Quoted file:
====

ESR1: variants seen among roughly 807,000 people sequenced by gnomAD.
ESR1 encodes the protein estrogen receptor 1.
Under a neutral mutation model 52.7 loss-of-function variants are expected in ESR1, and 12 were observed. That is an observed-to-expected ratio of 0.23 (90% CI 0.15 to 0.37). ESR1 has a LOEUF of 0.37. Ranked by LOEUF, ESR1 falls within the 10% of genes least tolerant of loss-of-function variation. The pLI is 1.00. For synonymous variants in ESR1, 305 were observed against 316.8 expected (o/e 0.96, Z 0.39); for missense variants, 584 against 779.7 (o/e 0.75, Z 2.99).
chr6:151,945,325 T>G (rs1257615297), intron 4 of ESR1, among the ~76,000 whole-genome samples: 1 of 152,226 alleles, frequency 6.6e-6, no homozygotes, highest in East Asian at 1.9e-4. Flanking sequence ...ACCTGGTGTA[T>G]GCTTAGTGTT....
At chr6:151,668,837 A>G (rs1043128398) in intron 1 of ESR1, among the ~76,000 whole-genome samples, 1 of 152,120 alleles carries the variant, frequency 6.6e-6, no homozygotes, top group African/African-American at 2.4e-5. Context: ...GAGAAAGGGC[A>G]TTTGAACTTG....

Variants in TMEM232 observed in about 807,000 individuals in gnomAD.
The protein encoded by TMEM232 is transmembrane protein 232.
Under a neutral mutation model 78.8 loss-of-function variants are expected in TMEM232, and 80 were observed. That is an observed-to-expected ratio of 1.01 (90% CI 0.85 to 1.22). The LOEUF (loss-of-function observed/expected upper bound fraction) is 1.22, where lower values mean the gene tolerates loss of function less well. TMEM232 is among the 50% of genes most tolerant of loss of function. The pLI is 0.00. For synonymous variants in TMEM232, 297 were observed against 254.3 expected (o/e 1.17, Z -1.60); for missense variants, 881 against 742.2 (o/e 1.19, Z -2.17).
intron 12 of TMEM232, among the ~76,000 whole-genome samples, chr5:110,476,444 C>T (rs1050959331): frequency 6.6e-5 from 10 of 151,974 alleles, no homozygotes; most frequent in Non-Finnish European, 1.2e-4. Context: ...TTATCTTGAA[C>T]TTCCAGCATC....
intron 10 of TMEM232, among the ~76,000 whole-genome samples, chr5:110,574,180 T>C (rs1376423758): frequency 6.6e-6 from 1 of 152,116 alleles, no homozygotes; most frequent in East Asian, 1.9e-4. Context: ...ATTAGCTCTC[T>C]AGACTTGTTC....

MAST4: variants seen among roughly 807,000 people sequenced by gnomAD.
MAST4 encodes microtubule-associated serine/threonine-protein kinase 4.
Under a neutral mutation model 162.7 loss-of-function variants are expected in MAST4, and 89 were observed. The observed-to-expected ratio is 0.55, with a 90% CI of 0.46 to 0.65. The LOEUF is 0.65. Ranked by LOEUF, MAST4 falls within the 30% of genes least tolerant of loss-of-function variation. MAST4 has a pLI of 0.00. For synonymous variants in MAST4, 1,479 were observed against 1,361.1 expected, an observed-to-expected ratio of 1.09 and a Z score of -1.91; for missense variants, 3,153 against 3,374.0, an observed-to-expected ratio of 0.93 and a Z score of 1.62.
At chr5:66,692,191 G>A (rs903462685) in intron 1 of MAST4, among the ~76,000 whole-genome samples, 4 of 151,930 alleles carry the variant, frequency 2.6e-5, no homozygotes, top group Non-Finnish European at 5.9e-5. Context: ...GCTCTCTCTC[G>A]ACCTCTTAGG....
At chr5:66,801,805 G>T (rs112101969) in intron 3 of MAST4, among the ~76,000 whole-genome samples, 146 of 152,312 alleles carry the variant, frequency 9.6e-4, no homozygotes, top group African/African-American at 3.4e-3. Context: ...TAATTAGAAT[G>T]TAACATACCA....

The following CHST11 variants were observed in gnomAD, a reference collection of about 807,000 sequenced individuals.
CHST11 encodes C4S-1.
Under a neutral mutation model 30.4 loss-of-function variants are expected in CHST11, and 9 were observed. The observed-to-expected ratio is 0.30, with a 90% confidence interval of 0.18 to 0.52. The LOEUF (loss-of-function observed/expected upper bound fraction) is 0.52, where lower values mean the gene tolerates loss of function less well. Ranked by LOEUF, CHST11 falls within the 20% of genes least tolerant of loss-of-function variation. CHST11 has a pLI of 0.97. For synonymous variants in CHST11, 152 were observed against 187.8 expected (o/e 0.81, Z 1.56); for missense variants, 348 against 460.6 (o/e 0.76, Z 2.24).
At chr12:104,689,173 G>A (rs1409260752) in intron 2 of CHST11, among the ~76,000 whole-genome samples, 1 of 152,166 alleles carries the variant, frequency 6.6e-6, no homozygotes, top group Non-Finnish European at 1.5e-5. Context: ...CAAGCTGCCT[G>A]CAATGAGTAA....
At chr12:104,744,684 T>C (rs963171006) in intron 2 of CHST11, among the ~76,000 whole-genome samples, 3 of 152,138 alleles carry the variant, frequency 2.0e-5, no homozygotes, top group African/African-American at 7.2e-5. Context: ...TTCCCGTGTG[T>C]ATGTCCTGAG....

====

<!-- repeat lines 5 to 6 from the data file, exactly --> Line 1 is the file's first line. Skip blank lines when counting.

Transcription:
At chr6:151,668,837 A>G (rs1043128398) in intron 1 of ESR1, among the ~76,000 whole-genome samples, 1 of 152,120 alleles carries the variant, frequency 6.6e-6, no homozygotes, top group African/African-American at 2.4e-5. Context: ...GAGAAAGGGC[A>G]TTTGAACTTG....

Variants in TMEM232 observed in about 807,000 individuals in gnomAD.